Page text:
Based on a 1954 Charron presentation, the first space will focus on Motte’s early work in plywood and rattan, and will feature a pair of the iconic 1949 Tripod Chairs and the 1954 rattan Sabre Chair, placed within a living room interior. These iconic designs exemplify Motte’s distinctive use of traditional techniques used to craft innovative modernist forms.
Motte’s designs for mass production and his experimentation with new affordable materials such as plastic, foam, and Formica will be represented in the second space, which will focus on Motte’s designs of the 1960s. This environment presents a 1960s chambre and includes a rare vinyl bed, the 1959 Light Table and a pair of nightstands made in luminous white opaline glass.
Joseph André Motte: The Art of Living, November 8 – February 9, at Demisch Danant, New York
Exhibition in collaboration with Princeton University about the way Playboy magazine used architecture and design as important tools to shape a new identity for the American male. Playboy Architecture, 1953-1979 explores the crucial role of modern architecture–buildings, interiors, furniture, cities and product design–in constructing the Playboy imaginary. The exhibition shows how architecture was mobilized to shape a new sexual and consumer identity for the American male and how architectural taste became critical to success in the art of seduction. Through an extraordinary quantity of architecture and architects featured in Playboy, the magazine played an important role in informing the public, particularly American men, about design and architecture in relation to literature, politics, art, lifestyle and fashion. Looking at the changing nature of Playboy architecture not only provides a way of understanding how Playboy’s project changed from the mid 1950s to the late 1970s; it also reveals how Playboy’s idealized world became a reality that was ingrained into America’s national identity and had a massive global impact.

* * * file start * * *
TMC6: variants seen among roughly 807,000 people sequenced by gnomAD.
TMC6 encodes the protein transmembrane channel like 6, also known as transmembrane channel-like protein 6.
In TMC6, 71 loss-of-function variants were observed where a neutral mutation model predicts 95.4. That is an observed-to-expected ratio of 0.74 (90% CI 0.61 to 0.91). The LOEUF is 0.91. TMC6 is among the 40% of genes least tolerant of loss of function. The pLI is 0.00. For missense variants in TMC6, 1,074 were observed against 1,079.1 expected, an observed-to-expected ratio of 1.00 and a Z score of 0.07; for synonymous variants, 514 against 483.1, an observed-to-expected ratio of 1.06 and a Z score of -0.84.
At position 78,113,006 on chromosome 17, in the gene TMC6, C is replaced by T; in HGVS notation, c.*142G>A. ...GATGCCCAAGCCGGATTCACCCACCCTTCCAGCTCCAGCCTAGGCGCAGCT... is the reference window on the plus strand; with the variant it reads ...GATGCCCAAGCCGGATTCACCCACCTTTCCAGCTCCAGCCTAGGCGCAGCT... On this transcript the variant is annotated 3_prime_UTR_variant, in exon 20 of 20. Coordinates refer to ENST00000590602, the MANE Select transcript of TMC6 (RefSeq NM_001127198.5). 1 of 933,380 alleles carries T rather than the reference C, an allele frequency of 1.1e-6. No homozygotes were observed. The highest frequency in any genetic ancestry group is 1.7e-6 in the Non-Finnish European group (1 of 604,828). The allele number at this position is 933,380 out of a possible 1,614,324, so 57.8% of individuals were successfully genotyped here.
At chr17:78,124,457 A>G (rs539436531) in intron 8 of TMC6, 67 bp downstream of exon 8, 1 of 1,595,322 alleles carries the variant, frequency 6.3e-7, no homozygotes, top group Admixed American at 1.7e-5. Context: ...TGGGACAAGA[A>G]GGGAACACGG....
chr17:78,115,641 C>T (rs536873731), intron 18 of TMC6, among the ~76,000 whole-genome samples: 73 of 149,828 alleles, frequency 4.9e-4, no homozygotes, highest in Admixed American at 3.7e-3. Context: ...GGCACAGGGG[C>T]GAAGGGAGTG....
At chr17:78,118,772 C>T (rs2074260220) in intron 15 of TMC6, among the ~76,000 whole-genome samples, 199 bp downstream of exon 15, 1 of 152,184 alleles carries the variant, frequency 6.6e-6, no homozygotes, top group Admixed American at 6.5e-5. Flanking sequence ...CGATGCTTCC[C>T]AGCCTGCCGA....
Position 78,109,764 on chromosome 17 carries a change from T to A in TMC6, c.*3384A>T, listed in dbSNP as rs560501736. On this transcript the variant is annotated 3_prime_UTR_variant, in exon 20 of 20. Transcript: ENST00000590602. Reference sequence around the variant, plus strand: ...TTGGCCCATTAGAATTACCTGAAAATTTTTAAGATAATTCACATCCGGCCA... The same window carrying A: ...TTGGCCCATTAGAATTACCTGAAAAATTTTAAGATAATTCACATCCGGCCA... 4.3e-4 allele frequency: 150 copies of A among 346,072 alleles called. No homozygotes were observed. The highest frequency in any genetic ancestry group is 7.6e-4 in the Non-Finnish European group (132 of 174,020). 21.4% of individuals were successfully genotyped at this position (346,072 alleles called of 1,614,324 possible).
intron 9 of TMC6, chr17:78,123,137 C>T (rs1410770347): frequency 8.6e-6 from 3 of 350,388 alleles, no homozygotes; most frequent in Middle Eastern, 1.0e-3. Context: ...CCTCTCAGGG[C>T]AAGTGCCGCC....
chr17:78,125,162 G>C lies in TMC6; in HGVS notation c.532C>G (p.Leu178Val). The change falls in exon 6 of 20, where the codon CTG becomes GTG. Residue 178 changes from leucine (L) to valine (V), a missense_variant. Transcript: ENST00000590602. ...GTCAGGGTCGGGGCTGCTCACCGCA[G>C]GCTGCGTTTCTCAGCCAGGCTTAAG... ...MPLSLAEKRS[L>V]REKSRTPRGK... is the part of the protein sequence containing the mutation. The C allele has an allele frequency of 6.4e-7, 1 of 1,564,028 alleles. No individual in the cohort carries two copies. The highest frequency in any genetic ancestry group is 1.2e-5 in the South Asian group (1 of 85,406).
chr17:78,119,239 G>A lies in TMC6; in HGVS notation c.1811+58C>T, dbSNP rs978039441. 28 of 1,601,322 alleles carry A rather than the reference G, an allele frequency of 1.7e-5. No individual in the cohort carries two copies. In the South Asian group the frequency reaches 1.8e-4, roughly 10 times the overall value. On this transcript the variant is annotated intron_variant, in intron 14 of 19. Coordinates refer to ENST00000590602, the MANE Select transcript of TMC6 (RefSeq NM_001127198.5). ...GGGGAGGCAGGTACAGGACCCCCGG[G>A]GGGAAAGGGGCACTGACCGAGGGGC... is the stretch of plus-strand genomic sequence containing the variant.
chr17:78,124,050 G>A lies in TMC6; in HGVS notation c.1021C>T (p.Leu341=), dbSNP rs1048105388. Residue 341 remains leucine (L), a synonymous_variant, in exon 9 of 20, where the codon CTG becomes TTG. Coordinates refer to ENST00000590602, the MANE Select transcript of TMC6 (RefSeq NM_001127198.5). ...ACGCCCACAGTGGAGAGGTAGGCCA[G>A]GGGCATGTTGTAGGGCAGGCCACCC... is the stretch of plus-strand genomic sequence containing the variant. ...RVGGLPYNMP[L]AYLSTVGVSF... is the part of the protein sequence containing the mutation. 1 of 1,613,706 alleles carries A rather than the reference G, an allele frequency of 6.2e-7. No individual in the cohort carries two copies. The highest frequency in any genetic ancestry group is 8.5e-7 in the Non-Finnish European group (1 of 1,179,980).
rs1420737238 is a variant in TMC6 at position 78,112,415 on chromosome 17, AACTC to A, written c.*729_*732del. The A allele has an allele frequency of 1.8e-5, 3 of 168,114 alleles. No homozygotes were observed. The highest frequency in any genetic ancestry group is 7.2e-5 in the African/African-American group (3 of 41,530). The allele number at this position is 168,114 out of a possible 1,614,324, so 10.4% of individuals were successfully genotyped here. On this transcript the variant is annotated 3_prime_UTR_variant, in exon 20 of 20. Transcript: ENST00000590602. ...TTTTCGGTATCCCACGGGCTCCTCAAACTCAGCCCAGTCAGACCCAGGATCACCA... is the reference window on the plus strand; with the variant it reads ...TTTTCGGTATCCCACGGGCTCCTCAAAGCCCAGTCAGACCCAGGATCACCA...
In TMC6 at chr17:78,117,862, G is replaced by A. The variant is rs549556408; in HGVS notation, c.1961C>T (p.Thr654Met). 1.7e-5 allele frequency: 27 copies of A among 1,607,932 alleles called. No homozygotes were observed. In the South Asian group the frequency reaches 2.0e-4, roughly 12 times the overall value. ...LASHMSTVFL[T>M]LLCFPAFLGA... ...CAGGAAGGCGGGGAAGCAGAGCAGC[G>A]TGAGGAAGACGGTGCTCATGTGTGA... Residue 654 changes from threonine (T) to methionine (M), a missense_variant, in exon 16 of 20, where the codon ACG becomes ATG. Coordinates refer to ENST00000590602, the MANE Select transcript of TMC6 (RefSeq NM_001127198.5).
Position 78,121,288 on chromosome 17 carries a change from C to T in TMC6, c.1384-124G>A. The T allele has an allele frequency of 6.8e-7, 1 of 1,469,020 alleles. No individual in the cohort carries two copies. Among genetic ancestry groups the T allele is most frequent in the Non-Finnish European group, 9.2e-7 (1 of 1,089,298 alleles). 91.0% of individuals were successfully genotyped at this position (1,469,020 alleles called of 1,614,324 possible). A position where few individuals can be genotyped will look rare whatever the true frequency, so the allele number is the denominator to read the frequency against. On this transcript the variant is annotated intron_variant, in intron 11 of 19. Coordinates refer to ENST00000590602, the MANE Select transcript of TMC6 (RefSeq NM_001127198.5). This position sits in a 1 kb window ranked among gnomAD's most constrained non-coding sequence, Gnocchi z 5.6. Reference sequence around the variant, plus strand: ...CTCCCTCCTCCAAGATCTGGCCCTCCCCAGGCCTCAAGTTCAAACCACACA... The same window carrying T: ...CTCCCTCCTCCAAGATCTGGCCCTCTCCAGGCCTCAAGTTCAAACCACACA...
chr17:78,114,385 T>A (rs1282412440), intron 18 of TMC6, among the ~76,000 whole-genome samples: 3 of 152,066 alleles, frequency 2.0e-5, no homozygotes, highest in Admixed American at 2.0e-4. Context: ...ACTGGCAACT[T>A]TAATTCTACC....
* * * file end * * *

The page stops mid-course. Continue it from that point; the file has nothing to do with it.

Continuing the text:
Playboy Architecture 1953-1979, September 29 – February 10, at NAiM/Bureau Europa, Maastricht, Netherlands
Manuel Bougot’s interest in Le Corbusier’s architecture began in the 1980s when he worked on Caroline Maniaque’s thesis in architecture–on the Jaoul Houses built in 1954 in Neuilly, France. From 2006 onwards, Bougot renewed his interest in Le Corbusier, attending talks on Chandigarh and photographed the only building the architect ever built for himself — a cabanon (a summer cabin) in Roquebrune- Cap-Martin. Photographing Chandigarh was therefore necessary to further any understanding of Le Corbusier, the urban designer and his philosophy about architecture and modernism.
The idea of creating Chandigarh, a new city post Independence, free from the shackles of history, unbound and a symbol of modernity belonged entirely to Jawaharlal Nehru. In 1949, on Nehru’s invitation, Swiss-French architect, Le Corbusier began his Chandigarh experiment, which became an extraordinary laboratory of architecture and town planning. Together with his cousin, Pierre Jeanneret and a team of architects, Le Corbusier conceived and designed a way of living for a people whose culture and life he was completely unfamiliar with. Sixty years later, it is this human encounter with Corbusian architecture, which intrigued Bougot enough to keep returning to Chandigarh over two years to make photographs. Apart from photographing the landmark institutional buildings that define Chandigarh, Bougot also takes the viewer into private spaces — homes and villas, which borrow elements from the Corbusian vocabulary. It is through this navigation of public and private spaces that Bougot’s photographs explore the discordance between the architecture and utopian ideals that inspired it. At the same time, Bougot does not shy away from observing the neglect of the monuments of high modernism in India. Bougot’s photographs don’t dwell on nostalgia and his gaze is not uncritical. His carefully constructed and muted colour photographs reveal much more on closer inspection–a highly nuanced and refreshingly different view of contemporary Chandigarh.